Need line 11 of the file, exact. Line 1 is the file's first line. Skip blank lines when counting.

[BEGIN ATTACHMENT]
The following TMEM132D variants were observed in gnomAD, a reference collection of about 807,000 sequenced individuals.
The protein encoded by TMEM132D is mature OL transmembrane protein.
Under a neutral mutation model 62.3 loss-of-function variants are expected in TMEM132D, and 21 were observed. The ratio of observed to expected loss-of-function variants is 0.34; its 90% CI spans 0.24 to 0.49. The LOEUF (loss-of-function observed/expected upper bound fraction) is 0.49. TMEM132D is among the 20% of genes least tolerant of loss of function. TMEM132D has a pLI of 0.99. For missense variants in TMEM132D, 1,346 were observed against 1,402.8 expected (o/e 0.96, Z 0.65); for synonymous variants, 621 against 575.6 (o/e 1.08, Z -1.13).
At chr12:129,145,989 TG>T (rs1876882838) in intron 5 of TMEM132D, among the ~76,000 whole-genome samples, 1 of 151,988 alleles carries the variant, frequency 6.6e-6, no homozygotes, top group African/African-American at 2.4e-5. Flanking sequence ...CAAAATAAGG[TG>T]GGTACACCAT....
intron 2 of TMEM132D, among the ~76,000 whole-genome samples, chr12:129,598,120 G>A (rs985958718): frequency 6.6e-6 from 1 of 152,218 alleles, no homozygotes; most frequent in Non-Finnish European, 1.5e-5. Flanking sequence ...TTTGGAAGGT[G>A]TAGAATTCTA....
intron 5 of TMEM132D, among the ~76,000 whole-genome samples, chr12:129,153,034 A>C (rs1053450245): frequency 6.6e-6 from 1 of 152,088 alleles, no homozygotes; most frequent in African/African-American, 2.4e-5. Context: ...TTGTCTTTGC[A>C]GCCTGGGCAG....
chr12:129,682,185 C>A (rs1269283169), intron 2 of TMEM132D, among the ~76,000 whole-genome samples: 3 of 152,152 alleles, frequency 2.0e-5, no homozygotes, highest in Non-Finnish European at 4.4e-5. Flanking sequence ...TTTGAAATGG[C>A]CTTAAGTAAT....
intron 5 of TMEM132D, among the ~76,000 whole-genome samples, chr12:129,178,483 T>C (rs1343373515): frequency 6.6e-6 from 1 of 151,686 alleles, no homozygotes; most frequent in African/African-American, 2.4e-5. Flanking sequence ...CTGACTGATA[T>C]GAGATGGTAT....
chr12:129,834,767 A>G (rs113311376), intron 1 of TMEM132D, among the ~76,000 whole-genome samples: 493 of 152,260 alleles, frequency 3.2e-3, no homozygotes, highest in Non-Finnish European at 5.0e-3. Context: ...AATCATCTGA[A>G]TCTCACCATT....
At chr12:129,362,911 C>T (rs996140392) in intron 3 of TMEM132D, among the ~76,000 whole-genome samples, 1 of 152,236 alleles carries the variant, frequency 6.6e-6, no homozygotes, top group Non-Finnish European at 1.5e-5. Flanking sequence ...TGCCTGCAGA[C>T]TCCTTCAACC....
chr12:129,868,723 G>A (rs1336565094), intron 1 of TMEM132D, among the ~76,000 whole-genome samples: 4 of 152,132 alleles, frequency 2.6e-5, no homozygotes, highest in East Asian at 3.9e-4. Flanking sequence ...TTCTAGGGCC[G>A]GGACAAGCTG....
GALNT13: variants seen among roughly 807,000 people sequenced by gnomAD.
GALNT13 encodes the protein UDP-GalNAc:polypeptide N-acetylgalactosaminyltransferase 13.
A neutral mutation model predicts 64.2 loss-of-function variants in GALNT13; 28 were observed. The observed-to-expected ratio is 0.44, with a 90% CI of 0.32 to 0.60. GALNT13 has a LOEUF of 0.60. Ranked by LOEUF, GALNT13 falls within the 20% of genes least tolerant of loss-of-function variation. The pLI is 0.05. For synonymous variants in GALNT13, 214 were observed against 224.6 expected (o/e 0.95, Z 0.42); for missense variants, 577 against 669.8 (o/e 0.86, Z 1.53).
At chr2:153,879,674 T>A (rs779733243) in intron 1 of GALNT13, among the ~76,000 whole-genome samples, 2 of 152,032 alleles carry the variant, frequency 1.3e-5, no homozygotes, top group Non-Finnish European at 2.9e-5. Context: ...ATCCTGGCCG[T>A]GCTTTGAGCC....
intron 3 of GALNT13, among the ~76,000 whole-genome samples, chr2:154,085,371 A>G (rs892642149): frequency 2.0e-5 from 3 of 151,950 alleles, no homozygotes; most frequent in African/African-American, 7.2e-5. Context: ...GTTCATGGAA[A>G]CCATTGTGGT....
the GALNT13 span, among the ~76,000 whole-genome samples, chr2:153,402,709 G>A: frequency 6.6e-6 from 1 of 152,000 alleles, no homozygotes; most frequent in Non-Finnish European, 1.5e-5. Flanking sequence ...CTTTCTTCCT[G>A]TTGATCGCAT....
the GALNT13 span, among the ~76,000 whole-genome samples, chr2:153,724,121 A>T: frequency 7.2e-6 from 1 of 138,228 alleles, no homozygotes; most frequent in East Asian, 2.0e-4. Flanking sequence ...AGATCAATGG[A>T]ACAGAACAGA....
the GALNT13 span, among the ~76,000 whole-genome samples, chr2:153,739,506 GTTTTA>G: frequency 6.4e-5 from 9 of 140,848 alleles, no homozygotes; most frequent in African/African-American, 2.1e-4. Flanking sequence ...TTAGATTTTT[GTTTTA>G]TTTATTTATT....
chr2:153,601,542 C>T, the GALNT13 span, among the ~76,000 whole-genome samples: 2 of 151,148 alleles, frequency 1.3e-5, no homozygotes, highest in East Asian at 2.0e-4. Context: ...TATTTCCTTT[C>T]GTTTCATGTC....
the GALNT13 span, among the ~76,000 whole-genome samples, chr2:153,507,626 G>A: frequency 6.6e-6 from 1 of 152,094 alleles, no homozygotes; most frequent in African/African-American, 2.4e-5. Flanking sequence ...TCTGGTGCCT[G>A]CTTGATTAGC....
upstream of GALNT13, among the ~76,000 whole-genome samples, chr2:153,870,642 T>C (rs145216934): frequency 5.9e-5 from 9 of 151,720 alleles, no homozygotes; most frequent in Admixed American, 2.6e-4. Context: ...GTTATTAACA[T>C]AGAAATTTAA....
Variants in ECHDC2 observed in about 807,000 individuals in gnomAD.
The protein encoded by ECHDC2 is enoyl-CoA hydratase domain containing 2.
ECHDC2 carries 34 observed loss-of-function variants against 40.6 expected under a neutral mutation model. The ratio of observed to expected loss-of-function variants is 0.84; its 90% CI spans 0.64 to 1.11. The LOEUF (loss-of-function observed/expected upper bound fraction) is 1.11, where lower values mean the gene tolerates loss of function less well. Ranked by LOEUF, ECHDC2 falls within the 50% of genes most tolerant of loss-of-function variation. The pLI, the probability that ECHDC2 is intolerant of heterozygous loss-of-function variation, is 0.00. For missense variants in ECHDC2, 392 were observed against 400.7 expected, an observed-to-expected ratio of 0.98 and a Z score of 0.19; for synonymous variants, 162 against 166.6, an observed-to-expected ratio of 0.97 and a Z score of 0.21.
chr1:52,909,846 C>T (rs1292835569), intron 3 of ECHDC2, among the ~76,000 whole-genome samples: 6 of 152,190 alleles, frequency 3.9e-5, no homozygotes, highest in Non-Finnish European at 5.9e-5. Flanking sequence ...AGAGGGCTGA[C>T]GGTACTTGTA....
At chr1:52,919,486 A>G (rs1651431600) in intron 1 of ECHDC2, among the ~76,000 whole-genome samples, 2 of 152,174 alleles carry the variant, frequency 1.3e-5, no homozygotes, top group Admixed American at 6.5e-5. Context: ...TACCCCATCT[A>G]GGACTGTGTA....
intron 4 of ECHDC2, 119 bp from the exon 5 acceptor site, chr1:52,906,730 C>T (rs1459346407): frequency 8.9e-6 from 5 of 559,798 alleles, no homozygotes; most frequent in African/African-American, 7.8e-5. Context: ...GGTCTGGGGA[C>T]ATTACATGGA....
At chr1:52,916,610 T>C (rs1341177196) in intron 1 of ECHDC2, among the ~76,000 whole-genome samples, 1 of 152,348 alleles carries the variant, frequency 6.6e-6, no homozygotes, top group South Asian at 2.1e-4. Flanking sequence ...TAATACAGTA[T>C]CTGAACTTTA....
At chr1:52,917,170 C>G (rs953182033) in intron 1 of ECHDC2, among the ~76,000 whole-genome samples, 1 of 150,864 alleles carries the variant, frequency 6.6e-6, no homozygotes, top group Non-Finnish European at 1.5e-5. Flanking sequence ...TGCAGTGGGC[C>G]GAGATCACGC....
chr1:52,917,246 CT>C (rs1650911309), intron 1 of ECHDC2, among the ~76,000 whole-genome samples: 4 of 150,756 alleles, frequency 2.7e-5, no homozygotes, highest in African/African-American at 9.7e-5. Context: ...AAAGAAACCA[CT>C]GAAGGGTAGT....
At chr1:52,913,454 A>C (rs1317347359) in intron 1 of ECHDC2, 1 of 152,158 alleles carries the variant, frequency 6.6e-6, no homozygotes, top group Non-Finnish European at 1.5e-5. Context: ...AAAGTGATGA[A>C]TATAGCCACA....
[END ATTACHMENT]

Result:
chr12:129,868,723 G>A (rs1336565094), intron 1 of TMEM132D, among the ~76,000 whole-genome samples: 4 of 152,132 alleles, frequency 2.6e-5, no homozygotes, highest in East Asian at 3.9e-4. Flanking sequence ...TTCTAGGGCC[G>A]GGACAAGCTG....